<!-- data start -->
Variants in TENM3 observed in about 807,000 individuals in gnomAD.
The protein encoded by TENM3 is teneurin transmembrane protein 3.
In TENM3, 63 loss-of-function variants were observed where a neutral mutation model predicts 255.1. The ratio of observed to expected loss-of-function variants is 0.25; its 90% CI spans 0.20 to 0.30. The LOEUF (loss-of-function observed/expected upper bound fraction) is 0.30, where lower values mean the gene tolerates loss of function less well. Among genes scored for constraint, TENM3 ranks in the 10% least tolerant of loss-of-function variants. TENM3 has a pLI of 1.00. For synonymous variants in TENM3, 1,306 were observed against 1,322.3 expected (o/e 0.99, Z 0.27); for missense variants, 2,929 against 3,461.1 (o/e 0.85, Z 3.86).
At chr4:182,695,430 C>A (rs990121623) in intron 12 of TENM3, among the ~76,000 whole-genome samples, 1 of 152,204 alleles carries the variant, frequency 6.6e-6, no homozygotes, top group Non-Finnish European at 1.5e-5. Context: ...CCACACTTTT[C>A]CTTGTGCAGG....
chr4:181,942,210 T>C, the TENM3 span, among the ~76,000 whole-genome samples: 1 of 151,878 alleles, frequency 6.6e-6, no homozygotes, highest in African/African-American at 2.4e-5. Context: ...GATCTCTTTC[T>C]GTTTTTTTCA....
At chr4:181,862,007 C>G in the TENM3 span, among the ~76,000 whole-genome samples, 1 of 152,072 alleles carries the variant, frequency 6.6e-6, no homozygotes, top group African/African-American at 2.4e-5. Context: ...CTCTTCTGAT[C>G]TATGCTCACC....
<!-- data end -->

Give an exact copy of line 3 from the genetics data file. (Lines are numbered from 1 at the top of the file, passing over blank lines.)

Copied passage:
In TENM3, 63 loss-of-function variants were observed where a neutral mutation model predicts 255.1. The ratio of observed to expected loss-of-function variants is 0.25; its 90% CI spans 0.20 to 0.30. The LOEUF (loss-of-function observed/expected upper bound fraction) is 0.30, where lower values mean the gene tolerates loss of function less well. Among genes scored for constraint, TENM3 ranks in the 10% least tolerant of loss-of-function variants. TENM3 has a pLI of 1.00. For synonymous variants in TENM3, 1,306 were observed against 1,322.3 expected (o/e 0.99, Z 0.27); for missense variants, 2,929 against 3,461.1 (o/e 0.85, Z 3.86).